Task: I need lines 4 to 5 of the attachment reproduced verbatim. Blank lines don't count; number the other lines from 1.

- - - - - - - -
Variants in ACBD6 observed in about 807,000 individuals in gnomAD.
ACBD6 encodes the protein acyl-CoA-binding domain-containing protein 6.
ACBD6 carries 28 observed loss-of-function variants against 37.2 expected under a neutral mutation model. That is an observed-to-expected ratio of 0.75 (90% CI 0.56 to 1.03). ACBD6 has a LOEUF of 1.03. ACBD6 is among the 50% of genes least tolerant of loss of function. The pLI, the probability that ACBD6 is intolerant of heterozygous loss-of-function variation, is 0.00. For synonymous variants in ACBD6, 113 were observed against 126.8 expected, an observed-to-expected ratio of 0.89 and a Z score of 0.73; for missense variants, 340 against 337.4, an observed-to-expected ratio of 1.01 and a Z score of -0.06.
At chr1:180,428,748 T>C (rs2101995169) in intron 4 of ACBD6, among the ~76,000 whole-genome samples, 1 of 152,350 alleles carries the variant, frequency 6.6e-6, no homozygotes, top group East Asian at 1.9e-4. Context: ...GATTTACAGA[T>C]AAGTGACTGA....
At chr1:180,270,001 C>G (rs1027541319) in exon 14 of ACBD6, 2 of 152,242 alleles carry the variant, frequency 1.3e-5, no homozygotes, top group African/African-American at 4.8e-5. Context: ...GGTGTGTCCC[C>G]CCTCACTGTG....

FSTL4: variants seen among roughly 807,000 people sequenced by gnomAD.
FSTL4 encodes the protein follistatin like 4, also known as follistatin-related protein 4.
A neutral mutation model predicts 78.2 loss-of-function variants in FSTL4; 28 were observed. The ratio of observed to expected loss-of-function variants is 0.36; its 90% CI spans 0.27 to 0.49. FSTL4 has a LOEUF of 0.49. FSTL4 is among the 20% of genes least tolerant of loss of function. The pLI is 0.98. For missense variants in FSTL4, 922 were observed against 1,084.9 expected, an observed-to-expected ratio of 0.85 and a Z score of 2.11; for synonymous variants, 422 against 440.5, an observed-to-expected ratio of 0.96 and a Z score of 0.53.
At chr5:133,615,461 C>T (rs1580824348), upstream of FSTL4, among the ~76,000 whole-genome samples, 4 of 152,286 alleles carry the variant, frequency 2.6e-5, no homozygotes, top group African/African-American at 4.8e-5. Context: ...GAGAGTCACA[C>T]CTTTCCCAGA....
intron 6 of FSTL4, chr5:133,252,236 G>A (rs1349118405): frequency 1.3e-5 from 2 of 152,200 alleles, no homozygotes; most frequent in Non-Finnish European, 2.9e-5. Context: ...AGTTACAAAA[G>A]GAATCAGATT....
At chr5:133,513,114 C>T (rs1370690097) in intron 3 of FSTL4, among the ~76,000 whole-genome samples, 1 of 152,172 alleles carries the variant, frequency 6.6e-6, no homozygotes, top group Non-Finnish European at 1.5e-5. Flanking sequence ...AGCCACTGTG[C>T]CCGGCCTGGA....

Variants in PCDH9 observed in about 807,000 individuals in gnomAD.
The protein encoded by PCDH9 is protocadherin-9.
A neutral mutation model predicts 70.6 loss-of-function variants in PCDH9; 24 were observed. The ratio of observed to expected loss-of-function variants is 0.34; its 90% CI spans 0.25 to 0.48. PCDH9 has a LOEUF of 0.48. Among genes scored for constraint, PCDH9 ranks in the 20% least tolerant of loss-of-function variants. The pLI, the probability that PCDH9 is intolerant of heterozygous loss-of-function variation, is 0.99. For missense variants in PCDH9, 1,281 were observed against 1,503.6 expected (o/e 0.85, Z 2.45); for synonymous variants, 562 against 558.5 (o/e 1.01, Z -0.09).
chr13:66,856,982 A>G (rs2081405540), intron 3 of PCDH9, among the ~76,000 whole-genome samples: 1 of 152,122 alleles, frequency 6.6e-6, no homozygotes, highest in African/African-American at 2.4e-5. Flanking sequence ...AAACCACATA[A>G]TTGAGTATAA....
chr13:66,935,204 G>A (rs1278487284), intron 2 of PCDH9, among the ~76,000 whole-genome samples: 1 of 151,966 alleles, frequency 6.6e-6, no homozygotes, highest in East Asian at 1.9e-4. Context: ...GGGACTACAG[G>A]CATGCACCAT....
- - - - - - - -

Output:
At chr1:180,428,748 T>C (rs2101995169) in intron 4 of ACBD6, among the ~76,000 whole-genome samples, 1 of 152,350 alleles carries the variant, frequency 6.6e-6, no homozygotes, top group East Asian at 1.9e-4. Context: ...GATTTACAGA[T>C]AAGTGACTGA....
At chr1:180,270,001 C>G (rs1027541319) in exon 14 of ACBD6, 2 of 152,242 alleles carry the variant, frequency 1.3e-5, no homozygotes, top group African/African-American at 4.8e-5. Context: ...GGTGTGTCCC[C>G]CCTCACTGTG....